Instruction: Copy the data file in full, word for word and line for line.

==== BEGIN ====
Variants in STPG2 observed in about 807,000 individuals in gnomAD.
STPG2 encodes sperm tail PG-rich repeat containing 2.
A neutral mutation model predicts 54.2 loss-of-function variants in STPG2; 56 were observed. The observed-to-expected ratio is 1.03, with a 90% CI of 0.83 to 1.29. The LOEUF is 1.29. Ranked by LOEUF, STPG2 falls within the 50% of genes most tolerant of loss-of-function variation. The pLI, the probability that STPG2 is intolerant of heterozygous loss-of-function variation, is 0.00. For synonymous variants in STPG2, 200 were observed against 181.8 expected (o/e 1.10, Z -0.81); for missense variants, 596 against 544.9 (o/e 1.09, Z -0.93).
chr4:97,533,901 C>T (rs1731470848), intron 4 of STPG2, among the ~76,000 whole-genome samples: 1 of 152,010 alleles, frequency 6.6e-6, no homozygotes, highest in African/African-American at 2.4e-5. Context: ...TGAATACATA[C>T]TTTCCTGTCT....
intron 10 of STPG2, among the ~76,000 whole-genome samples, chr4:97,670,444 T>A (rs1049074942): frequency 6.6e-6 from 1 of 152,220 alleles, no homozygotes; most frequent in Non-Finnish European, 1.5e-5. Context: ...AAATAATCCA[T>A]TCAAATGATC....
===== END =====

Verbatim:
Variants in STPG2 observed in about 807,000 individuals in gnomAD.
STPG2 encodes sperm tail PG-rich repeat containing 2.
A neutral mutation model predicts 54.2 loss-of-function variants in STPG2; 56 were observed. The observed-to-expected ratio is 1.03, with a 90% CI of 0.83 to 1.29. The LOEUF is 1.29. Ranked by LOEUF, STPG2 falls within the 50% of genes most tolerant of loss-of-function variation. The pLI, the probability that STPG2 is intolerant of heterozygous loss-of-function variation, is 0.00. For synonymous variants in STPG2, 200 were observed against 181.8 expected (o/e 1.10, Z -0.81); for missense variants, 596 against 544.9 (o/e 1.09, Z -0.93).
chr4:97,533,901 C>T (rs1731470848), intron 4 of STPG2, among the ~76,000 whole-genome samples: 1 of 152,010 alleles, frequency 6.6e-6, no homozygotes, highest in African/African-American at 2.4e-5. Context: ...TGAATACATA[C>T]TTTCCTGTCT....
intron 10 of STPG2, among the ~76,000 whole-genome samples, chr4:97,670,444 T>A (rs1049074942): frequency 6.6e-6 from 1 of 152,220 alleles, no homozygotes; most frequent in Non-Finnish European, 1.5e-5. Context: ...AAATAATCCA[T>A]TCAAATGATC....